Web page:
As someone who was recently unemployed but has now found a permanent position in chemical engineering, I can understand what you are going through. The advice given so far is absolutely correct.
Networking is thrown around as a cliche, but it actually is the best tool. A website called LinkedIn actually helped me a lot in this. The site allows you to connect to people you know, and through branching out to their contacts you can find someone with a connection to a company you may be interested in. I highly suggest you make a profile on it an connect to whoever you can. This is, quite literally, how I found my current position. I am working in an electroforming department at a highly specialized reflective products company, a topic I have absolutely no experience in, with great benefits and pay. The real kicker is this: I never even applied for the position, or knew that it was even available. A local science-focused hiring consultant found my connection on LinkedIn, contacted me, and the rest is history. I did not know the specific consultant nor the company he worked for, but we had mutual connections and he thought my profile fit their wants. I am so incredibly thankful that I created a profile. I highly, highly suggest it, and it's free (there is a higher-level membership that you can pay for, but it's definitely not necessary.)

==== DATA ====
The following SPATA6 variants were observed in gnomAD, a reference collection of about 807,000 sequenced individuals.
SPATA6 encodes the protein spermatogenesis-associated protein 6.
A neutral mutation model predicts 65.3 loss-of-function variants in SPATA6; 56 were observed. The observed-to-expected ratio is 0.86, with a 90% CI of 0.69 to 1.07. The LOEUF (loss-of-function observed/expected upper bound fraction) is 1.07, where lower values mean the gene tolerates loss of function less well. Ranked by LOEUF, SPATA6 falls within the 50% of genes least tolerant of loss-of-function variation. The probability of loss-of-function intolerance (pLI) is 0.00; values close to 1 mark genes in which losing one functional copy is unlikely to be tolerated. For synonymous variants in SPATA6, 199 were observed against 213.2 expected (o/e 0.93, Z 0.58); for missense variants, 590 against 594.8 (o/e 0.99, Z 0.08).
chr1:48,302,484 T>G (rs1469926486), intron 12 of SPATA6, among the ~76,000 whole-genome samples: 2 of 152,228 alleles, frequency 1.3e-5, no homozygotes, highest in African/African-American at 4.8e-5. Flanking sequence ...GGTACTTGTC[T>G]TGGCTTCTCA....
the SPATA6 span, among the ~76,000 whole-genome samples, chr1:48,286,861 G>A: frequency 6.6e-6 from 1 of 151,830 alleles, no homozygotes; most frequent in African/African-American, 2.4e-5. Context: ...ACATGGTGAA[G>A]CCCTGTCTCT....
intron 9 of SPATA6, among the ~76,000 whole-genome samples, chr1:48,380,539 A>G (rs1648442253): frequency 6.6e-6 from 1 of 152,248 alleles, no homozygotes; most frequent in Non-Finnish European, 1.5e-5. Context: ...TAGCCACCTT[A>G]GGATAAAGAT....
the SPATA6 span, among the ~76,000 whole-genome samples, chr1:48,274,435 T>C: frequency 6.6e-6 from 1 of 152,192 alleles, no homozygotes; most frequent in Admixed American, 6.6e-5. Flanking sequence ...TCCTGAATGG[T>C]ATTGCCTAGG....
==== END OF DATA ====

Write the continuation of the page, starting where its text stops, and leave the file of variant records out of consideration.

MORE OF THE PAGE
In addition, definitely be applying to almost anything you are tangentially qualified for. I nearly was offered another position when I applied to a company for one of their openings; the hiring manager was not interested in me for the position I applied for, but passed my information on to another manager who called me in for several interviews. The point is, it can never hurt to apply.
Keep trying, keep searching. With all of the internet resources as well as local ones, there are actually more jobs out there than you think, it's just that most people get so focused on one specific method of searching that they miss a whole bunch. Indeed.com is great for searching all of those internet job posting sites all at once, and my fiancee actually foound her job on Craigslist. Local newspapers still carry job postings, and always be on the lookout for a local job fair.
Good luck, I hope you are able to find something soon. Try not to get discouraged by rejections; just take their responses as constructive criticism and use their comments to tweak your resume and interview style for the next opportunity.